For my money there’s no better way to round out a Sunday evening than with a stiff drink, a tin of polish, and couple pairs of broken-in Goodyear welted shoes. In my case Allen Edmonds.
There’s something extremely satisfying about brushing off the nicks and soot from the previous week’s travels, and then buffing them back up to their previous lustre. Well patinated shoes aren’t something you can buy off the shelf; it’s a character in the leather that’s slowly acquired over months and years of wear, and layers of creams, waxes, and polishes.
With the exception of shoes reserved for the most formal of occasions, all leather shoes look better after they’ve seen a few miles.
Buy good shoes. Take good care of them. They’ll last forever. They’ll look awesome.
Yes, that’s the siren song of the #menswear blogosphere, but it’s also true. Wear nice shoes, and no one notice’s your shitty suit. Wear shitty shoes, and no one notices that crispy Kiton you picked up in Naples during Yacht Week.
Nothing says “I don’t get it” like wearing rubber-soled, bonded leather, bluchers. Extra points if they’re square-toed.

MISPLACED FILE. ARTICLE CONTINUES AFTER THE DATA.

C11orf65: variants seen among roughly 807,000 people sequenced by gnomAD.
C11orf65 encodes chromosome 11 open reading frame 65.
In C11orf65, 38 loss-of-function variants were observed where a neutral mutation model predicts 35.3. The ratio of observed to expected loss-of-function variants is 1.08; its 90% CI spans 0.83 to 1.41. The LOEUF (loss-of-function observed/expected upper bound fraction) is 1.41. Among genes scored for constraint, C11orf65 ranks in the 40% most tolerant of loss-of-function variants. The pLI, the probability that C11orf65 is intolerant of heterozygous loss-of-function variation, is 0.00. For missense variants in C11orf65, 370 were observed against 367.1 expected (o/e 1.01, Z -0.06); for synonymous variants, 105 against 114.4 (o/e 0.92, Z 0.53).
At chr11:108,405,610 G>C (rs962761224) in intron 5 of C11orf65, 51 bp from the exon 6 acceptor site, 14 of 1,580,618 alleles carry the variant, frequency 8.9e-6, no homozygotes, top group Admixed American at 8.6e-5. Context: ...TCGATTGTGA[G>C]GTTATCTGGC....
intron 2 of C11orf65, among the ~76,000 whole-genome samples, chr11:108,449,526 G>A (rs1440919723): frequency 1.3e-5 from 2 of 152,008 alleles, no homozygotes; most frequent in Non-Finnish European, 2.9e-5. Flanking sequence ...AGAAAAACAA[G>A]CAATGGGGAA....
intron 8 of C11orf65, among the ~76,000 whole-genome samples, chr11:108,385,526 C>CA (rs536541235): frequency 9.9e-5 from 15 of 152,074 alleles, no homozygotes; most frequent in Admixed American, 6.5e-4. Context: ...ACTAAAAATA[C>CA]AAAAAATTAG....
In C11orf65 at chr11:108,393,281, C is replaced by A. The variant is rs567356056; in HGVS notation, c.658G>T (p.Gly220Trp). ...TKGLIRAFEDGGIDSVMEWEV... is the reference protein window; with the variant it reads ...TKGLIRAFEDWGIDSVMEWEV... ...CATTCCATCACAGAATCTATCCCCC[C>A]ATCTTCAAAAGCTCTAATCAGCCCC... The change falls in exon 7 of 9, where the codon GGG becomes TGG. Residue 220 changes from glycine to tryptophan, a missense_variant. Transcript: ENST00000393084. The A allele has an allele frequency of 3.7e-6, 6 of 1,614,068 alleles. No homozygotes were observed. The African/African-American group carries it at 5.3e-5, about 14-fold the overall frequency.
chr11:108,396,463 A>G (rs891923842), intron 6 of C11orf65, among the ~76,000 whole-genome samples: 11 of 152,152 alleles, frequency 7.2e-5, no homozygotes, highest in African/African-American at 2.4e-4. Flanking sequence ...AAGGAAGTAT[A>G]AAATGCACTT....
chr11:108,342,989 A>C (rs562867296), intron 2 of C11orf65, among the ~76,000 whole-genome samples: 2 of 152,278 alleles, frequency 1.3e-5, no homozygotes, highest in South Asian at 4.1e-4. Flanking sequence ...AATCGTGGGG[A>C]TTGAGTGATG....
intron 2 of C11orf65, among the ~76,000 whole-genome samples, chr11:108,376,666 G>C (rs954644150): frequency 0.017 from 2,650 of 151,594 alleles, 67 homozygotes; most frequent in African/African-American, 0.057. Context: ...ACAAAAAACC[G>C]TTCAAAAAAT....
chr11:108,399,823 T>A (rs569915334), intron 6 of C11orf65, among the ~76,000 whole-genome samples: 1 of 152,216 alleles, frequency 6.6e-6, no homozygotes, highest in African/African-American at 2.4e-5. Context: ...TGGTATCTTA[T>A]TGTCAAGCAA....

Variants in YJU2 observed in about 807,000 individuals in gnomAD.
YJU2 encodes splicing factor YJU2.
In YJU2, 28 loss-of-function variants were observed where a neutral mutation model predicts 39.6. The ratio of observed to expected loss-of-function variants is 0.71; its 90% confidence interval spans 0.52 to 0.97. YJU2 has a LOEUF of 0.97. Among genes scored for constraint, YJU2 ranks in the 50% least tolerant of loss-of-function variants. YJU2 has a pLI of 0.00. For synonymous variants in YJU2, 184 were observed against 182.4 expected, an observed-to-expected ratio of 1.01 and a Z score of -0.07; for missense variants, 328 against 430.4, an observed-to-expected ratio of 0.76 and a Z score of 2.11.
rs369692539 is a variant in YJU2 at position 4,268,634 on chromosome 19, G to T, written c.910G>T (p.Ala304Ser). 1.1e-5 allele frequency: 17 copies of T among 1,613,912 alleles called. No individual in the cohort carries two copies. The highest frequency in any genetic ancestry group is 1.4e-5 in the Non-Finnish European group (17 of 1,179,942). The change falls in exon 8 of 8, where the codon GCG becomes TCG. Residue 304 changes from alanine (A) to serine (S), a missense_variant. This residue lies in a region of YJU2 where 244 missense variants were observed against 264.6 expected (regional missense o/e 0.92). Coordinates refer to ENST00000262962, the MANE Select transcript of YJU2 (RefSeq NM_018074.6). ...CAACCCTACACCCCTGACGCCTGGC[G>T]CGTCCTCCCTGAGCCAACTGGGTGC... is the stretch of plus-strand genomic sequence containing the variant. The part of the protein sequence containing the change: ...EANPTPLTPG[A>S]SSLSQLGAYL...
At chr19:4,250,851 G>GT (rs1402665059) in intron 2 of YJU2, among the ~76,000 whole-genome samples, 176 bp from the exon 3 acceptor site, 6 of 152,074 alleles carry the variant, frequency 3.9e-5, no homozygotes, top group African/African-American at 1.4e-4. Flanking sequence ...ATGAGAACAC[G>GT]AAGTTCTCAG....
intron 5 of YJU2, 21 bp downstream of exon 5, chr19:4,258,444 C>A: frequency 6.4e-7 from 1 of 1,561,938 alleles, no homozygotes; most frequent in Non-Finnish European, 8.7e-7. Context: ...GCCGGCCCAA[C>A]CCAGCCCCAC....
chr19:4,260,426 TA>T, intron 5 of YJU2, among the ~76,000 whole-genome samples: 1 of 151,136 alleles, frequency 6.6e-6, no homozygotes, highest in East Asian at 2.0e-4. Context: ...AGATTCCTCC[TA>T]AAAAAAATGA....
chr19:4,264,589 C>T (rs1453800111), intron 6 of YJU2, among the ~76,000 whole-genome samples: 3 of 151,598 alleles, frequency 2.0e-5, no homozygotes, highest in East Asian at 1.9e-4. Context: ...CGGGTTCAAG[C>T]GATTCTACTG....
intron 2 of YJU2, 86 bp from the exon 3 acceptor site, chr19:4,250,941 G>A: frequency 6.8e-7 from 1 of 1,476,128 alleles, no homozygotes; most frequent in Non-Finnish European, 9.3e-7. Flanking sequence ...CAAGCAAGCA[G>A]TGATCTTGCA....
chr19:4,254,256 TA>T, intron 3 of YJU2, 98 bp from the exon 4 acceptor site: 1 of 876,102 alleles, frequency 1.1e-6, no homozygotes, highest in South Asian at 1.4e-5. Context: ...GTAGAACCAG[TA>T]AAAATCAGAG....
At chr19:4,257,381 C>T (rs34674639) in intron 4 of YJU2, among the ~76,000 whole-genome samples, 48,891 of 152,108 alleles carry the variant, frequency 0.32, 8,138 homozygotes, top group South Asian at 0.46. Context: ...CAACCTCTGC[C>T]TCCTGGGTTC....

I don’t care if you are on a student’s budget. Take your clothing budget. Cut it in half. Now take one of those halves, and buy some decent shoes.
Allen Edmonds, Meermin, and Loake to name a few are well made, use full-grain leathers, and can be had on a budget. Buying new still too much? Go on eBay - buy shoes off dead guys. I do. And stick to oxfords for the workplace, broguing optional.
Oxford v. Blucher? Don’t know the difference? Get yourself sorted. Start with Wikipedia.
There is no excuse to be the guy in the elevator with the shitty department store slip-ons. Yah, the sexy assistant who got off two floors ago noticed - but more importantly the dude who sits in the corner office you covet noticed. And judged accordingly.
A further thought on maintenance: leather soles need to be treated with respect.
Wear them every other day at the most, and keep cedar shoe trees in them between wears. Shoe trees are great for odour control, maintaining shape, and wicking up moisture. Wet leather soles unfortunately break down rather quickly. If your shoes ever get really wet, which will happen, let them dry on their sides, naturally - don’t rush them with heat. This is fundamental.
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